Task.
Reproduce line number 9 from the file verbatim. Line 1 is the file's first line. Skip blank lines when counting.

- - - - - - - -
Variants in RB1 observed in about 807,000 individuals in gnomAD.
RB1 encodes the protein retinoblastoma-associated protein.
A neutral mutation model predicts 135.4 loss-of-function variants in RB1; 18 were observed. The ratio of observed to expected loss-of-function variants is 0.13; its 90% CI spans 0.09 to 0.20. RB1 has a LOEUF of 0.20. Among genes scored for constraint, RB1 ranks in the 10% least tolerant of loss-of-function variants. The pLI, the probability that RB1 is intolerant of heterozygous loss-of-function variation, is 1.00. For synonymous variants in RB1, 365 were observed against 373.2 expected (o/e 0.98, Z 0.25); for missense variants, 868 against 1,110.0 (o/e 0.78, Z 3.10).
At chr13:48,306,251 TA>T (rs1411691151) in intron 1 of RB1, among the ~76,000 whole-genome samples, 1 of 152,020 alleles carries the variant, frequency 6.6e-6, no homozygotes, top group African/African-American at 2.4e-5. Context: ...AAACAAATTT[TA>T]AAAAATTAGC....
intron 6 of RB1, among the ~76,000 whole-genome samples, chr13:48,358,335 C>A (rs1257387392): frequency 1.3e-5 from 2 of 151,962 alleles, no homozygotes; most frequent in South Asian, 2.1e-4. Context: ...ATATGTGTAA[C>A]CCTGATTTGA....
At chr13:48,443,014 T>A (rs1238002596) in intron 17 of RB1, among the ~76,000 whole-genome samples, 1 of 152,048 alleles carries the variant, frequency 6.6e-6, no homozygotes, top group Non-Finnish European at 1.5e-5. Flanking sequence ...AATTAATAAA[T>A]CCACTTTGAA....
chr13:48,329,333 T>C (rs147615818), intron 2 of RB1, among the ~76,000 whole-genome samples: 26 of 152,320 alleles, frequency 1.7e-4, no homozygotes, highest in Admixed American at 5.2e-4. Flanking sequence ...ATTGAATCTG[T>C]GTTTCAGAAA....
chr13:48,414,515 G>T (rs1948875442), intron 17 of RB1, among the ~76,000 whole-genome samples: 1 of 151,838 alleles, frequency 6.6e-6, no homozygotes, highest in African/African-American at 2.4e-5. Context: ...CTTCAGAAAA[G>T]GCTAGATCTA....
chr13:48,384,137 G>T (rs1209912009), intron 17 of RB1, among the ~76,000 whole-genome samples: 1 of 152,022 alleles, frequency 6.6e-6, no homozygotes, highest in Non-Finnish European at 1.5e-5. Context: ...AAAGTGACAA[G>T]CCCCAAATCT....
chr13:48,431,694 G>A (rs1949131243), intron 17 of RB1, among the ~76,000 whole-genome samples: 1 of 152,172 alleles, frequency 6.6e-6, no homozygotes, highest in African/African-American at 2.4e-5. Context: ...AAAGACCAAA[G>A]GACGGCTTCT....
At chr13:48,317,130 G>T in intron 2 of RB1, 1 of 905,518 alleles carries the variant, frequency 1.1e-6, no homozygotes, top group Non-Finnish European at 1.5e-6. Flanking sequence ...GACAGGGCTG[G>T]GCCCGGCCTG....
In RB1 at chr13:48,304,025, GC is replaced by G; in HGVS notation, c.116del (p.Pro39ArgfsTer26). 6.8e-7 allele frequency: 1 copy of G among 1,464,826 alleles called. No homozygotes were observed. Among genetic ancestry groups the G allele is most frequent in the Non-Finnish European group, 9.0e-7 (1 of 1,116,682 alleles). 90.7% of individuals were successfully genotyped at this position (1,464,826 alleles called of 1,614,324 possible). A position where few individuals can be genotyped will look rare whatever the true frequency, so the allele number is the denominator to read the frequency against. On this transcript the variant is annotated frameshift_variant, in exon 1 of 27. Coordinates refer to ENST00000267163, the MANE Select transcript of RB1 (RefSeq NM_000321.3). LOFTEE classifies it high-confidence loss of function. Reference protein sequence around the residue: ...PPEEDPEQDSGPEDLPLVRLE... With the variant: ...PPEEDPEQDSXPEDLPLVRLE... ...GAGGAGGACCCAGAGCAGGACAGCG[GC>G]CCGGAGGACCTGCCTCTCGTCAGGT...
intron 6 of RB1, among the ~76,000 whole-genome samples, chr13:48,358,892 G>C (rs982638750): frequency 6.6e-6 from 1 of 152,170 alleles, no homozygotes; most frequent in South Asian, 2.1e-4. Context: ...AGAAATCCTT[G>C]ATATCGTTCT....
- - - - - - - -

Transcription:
chr13:48,384,137 G>T (rs1209912009), intron 17 of RB1, among the ~76,000 whole-genome samples: 1 of 152,022 alleles, frequency 6.6e-6, no homozygotes, highest in Non-Finnish European at 1.5e-5. Context: ...AAAGTGACAA[G>T]CCCCAAATCT....